For the most part, I try to avoid reducing groups of people to cultural stereotypes. Yet, whenever I see a man wearing a bow tie, I can't help but assume that he is pompous, conniving and maybe even down-right mean-spirited. This is probably the result of meeting one too many bow ties who rubbed me the wrong way. To be honest, the bow tie has always struck me as an unoriginal way of looking original. In the absence of any real imagination, it's an acceptable substitute. If you take a look at a few of the famous bow tie wearers in history, you'll see what I mean:
I'm not the only one who opposes the bow tie. David Foster Wallace and Nicholas Baker have both publicly denounced the iconoclastic knot. But to tell you the truth, by far, the best attack on the bow tie has to be from the film State and Main. At one point, the character of Doc Wilson makes the point of saying, "The truth is you should never trust anybody who wears a bow tie. A cravat is supposed to point down to accentuate the genitals. Why do you want to trust somebody whose tie points out to accentuate his ears?"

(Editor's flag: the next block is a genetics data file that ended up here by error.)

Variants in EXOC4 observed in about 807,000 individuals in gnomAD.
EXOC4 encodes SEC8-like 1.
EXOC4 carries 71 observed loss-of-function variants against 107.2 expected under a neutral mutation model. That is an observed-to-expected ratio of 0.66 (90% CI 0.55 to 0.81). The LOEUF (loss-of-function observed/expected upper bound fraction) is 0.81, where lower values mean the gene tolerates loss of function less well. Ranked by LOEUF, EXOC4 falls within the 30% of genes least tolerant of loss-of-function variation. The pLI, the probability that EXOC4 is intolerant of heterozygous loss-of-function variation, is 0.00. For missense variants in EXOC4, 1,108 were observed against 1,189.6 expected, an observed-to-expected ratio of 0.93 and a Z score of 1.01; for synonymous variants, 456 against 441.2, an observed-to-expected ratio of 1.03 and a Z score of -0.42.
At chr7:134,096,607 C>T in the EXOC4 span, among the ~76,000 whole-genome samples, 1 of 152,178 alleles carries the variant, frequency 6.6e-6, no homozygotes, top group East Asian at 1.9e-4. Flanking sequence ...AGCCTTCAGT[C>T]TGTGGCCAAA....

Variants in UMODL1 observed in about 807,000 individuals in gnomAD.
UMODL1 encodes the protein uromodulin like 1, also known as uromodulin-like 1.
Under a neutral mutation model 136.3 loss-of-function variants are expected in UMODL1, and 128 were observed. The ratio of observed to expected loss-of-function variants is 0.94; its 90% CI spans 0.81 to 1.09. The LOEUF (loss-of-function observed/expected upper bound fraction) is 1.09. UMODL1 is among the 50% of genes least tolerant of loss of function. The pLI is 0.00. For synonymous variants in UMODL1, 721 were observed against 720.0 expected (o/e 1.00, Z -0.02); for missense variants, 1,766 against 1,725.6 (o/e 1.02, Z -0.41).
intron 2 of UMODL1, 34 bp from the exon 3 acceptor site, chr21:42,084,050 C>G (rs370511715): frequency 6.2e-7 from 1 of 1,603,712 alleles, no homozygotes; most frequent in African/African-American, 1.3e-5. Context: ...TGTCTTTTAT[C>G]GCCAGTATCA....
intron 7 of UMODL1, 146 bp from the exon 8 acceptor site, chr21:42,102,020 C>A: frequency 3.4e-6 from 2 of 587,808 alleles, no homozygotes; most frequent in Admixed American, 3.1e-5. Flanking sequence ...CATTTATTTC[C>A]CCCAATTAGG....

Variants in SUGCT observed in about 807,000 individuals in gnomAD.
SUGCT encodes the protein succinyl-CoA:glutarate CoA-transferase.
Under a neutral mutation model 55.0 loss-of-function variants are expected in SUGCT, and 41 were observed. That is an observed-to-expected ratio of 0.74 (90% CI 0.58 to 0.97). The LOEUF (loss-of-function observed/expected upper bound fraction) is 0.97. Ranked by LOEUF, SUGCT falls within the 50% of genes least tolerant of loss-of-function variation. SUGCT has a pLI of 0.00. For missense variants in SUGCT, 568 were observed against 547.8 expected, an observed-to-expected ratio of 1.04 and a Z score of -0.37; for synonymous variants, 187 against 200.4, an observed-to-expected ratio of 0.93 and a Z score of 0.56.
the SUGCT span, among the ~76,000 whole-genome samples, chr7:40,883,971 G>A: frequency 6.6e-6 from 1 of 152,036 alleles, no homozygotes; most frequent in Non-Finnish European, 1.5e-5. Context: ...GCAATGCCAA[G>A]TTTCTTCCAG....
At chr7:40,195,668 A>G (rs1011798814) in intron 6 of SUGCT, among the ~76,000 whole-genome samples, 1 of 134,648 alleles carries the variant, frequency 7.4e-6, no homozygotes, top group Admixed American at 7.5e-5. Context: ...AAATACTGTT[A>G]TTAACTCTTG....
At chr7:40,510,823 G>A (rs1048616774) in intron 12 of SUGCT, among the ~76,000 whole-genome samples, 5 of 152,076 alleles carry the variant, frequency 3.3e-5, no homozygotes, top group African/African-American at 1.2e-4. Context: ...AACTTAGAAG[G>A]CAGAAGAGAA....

Also on Styledash:
Watches with a necktie twist
Would you wear a kilt?
StyleFoul: the MacGyver Mullet